The capital-gains tax goes from 15 percent to 24 percent (including Obamacare). The dividends tax goes from 15 percent to nearly 40 percent, and that’s not including the double tax on corporate profits embodied in dividends and capital gains. The Bush tax cuts for top earners are repealed. There’s the 30 percent Buffett-rule minimum tax on millionaires. The carried-interest tax for private equity, hedge funds, and other investment partnerships goes from 15 to 39.6 percent. The estate tax jumps to 45 percent. State and local bond interest deductions are severely limited. Oil and gas companies get hit. So do banks. And there’s probably more stuff in there I haven’t read yet. (Jimmy P. lays it out nicely.) Paul Ryan’s press release calls it a $1.9 trillion tax hike, with $47 trillion in government spending over the next decade and the fourth straight year of trillion-dollar deficits.

Some kind of corporate tax reform may be released in a few weeks. But we don’t know much about it. And while it may lower the top rate, it’s going to penalize U.S. firms operating abroad by roughly $150 billion in tax hikes. All in, the Obama budget raises corporate taxes by $350 billion. Just what business does not want or need.

Former Bush economist Keith Hennessey estimates that new proposals would create a ratio of at least 1.2 dollars of tax increases for every dollar cut in spending. Most of the spending cuts would slam Medicare doctors and other health providers. Unlikely to happen. And there is no overall entitlement reform. Somehow the Obama budget is being offered as a substitute for the $1.2 trillion in spending cuts from the supercommittee. But the slam down in defense remains a huge problem.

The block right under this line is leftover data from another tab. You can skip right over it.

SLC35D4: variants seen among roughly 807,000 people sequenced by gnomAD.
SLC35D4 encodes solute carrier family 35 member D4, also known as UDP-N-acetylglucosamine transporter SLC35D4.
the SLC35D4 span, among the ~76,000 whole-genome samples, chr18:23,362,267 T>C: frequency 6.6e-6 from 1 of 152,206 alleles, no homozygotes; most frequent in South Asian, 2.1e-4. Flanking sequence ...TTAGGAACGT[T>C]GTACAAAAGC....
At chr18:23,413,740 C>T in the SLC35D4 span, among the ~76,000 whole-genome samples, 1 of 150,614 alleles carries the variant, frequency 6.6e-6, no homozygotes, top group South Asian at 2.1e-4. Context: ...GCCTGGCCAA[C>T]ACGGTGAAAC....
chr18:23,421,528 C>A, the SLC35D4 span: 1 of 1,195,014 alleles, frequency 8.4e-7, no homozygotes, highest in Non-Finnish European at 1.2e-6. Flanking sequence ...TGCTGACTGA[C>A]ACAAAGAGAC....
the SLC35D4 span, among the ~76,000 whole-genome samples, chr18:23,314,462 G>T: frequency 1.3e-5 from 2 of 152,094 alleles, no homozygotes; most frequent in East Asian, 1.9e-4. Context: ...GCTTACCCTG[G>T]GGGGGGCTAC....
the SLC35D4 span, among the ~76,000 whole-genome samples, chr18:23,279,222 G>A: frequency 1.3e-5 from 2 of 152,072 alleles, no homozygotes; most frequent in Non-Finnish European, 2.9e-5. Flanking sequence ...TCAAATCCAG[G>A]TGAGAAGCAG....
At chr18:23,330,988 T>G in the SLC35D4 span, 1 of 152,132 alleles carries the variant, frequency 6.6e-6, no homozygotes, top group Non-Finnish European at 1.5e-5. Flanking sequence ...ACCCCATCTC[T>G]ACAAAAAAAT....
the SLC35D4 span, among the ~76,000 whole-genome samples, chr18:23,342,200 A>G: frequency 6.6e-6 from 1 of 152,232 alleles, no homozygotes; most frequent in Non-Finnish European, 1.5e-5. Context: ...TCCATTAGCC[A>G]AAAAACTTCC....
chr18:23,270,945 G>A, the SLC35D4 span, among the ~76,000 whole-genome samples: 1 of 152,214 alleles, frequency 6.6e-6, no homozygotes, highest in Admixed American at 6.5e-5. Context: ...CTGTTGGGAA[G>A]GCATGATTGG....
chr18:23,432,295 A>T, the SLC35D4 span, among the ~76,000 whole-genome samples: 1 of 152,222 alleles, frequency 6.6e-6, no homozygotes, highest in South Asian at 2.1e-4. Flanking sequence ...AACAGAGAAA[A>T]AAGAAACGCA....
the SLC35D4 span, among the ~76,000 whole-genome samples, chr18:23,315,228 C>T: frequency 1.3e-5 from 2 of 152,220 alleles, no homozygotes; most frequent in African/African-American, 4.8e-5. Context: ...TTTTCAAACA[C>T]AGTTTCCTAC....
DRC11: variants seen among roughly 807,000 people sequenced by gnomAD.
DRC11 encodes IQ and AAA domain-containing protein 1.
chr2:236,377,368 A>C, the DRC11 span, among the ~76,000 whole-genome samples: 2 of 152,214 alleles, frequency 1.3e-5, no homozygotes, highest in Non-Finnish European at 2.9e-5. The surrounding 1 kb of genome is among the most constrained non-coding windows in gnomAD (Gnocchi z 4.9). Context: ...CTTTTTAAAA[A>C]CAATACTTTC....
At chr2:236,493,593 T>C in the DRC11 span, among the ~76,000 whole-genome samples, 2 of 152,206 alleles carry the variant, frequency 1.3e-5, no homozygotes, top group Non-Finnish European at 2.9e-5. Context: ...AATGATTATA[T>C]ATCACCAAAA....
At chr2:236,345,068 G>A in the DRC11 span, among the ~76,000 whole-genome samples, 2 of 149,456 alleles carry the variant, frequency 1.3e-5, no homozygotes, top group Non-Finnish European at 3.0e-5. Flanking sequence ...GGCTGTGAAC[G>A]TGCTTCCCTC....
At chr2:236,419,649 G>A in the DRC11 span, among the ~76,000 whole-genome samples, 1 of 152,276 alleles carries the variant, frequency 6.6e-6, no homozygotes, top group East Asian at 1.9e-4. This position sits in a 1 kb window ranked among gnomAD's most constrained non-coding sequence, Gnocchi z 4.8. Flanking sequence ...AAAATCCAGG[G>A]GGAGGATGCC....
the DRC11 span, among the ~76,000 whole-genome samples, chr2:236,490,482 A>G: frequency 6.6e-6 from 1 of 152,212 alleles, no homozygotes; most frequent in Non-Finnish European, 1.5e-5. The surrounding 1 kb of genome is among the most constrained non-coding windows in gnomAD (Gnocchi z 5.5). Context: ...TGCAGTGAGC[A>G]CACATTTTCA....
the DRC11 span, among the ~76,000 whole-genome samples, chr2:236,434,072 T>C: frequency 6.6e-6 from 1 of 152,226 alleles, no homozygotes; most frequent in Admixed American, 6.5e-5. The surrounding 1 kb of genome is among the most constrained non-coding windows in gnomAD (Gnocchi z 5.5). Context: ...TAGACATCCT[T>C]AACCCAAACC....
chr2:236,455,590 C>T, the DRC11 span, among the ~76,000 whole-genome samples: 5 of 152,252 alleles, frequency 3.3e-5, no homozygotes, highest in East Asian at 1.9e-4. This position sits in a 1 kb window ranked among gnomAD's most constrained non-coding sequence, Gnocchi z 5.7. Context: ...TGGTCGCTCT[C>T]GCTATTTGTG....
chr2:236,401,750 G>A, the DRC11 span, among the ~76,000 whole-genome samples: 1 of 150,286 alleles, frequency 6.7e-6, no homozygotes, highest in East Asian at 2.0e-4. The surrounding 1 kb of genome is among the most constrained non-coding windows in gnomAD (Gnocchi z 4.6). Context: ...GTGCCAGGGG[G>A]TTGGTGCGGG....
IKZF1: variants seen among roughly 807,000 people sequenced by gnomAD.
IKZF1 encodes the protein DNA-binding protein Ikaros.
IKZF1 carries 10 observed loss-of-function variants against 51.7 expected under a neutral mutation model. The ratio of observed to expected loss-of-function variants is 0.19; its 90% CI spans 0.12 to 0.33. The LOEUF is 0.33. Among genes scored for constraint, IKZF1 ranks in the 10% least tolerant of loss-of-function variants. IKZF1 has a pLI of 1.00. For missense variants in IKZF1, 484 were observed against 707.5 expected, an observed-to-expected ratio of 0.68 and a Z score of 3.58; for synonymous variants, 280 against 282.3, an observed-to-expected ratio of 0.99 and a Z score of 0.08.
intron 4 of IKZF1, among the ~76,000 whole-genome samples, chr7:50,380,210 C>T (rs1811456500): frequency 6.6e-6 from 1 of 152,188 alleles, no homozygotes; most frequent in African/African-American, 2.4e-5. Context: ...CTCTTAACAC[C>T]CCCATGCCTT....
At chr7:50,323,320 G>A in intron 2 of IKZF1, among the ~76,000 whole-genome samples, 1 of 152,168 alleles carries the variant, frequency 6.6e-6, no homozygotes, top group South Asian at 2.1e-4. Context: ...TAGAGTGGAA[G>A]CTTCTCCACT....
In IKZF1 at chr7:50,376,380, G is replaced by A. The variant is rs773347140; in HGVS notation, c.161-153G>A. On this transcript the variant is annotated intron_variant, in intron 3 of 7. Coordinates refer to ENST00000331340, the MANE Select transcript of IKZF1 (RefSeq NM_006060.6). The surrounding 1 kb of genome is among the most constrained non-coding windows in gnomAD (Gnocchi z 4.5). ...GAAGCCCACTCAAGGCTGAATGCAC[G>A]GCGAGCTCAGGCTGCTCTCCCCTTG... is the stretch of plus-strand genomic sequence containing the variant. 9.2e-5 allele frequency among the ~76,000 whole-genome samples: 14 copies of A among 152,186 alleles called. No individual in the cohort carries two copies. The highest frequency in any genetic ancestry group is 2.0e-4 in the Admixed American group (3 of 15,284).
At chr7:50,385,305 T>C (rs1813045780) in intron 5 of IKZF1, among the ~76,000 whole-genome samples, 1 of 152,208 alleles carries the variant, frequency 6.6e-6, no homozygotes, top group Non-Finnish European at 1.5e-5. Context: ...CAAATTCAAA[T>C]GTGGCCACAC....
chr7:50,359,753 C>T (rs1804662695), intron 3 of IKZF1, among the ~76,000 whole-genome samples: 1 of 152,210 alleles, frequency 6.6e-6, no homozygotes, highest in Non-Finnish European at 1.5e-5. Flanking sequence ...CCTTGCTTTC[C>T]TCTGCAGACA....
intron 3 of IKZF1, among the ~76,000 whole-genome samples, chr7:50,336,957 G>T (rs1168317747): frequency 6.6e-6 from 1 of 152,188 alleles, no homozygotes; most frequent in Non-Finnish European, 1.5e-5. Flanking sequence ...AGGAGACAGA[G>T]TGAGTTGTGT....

There is no $4 trillion in new deficit savings, because $1.2 trillion was already scored by the supercommittee. Plus, another $1 trillion was already counted as savings from the wind-downs in Afghanistan and Iraq. And $800 billion comes from interest savings, not program cuts.

So maybe there’s $1 trillion in spending reduction over ten years. But as the details trickle out, that’s a big maybe. Compare that to $47 trillion of total spending increases and at least $1.5 trillion of tax hikes.

The deficit for the coming year, which is $1.3 trillion, would be 8.5 percent of GDP. More important, budget spending remains at over 24 percent of GDP. Debt held by the public for 2013 would be $12.7 trillion, or 77.4 percent of GDP. In terms of ten-year totals, spending would rise by $47 trillion and deficits by $6.7 trillion.

Really, this is a budget that says we must raise taxes in order to raise spending. It’s a 1 percent vs. 99 percent budget. But if these tax hikes ever went through it would be a 100 percent whack at future economic growth.

Obama chief of staff Jack Lew was wrong yesterday to suggest that a budget passed in the Senate requires 60 votes. By law, budget reconciliation requires only 51 votes. But this budget is dead on arrival. All the Republicans and many of the Democrats are not going to vote for across-the-board tax hikes. That’s a good thing.

But the question now is: What happens next? The U.S. is in a heap of fiscal trouble — on the verge of bankruptcy. What are we going to do about it?